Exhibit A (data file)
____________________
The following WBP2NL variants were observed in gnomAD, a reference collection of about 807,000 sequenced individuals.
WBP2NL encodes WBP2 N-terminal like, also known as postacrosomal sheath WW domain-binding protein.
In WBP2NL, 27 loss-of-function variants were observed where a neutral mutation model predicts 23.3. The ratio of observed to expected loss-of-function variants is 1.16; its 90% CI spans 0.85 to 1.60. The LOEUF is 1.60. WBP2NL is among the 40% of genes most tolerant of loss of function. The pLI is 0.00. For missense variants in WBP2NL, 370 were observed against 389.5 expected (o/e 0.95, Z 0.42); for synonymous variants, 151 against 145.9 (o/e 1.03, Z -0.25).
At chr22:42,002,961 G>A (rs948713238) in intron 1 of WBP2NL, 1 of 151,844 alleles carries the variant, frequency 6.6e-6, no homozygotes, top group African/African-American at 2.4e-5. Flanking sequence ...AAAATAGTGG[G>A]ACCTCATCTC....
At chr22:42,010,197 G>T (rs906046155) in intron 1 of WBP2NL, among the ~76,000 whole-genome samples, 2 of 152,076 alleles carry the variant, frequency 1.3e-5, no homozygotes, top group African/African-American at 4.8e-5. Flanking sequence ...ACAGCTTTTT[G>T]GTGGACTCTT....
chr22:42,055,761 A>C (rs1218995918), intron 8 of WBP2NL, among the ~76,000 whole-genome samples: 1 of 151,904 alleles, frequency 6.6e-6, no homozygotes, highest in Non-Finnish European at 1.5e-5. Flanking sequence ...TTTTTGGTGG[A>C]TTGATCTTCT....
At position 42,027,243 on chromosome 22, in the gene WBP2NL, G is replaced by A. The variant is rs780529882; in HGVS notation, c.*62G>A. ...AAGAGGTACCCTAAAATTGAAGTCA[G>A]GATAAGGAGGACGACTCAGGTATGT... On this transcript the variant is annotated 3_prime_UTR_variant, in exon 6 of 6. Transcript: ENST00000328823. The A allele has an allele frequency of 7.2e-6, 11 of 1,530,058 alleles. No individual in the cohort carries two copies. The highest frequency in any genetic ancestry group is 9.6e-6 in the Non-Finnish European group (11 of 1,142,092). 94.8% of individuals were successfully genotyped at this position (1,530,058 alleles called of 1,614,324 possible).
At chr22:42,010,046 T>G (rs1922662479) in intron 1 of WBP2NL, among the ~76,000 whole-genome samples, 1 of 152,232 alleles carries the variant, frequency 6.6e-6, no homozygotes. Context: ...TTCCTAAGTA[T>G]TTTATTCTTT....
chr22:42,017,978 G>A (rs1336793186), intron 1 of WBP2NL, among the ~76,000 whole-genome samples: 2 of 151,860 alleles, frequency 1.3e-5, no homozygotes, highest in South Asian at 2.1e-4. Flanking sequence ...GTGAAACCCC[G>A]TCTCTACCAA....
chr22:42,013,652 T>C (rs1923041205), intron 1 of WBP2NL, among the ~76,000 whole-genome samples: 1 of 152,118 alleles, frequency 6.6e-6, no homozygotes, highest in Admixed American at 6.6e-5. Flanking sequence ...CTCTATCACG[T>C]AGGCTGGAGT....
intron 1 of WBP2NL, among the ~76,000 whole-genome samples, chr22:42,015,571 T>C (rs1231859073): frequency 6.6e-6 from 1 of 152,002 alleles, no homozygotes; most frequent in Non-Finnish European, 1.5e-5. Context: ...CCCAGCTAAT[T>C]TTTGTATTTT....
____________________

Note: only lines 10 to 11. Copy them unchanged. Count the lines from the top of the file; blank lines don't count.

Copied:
chr22:42,013,652 T>C (rs1923041205), intron 1 of WBP2NL, among the ~76,000 whole-genome samples: 1 of 152,118 alleles, frequency 6.6e-6, no homozygotes, highest in Admixed American at 6.6e-5. Flanking sequence ...CTCTATCACG[T>C]AGGCTGGAGT....
intron 1 of WBP2NL, among the ~76,000 whole-genome samples, chr22:42,015,571 T>C (rs1231859073): frequency 6.6e-6 from 1 of 152,002 alleles, no homozygotes; most frequent in Non-Finnish European, 1.5e-5. Context: ...CCCAGCTAAT[T>C]TTTGTATTTT....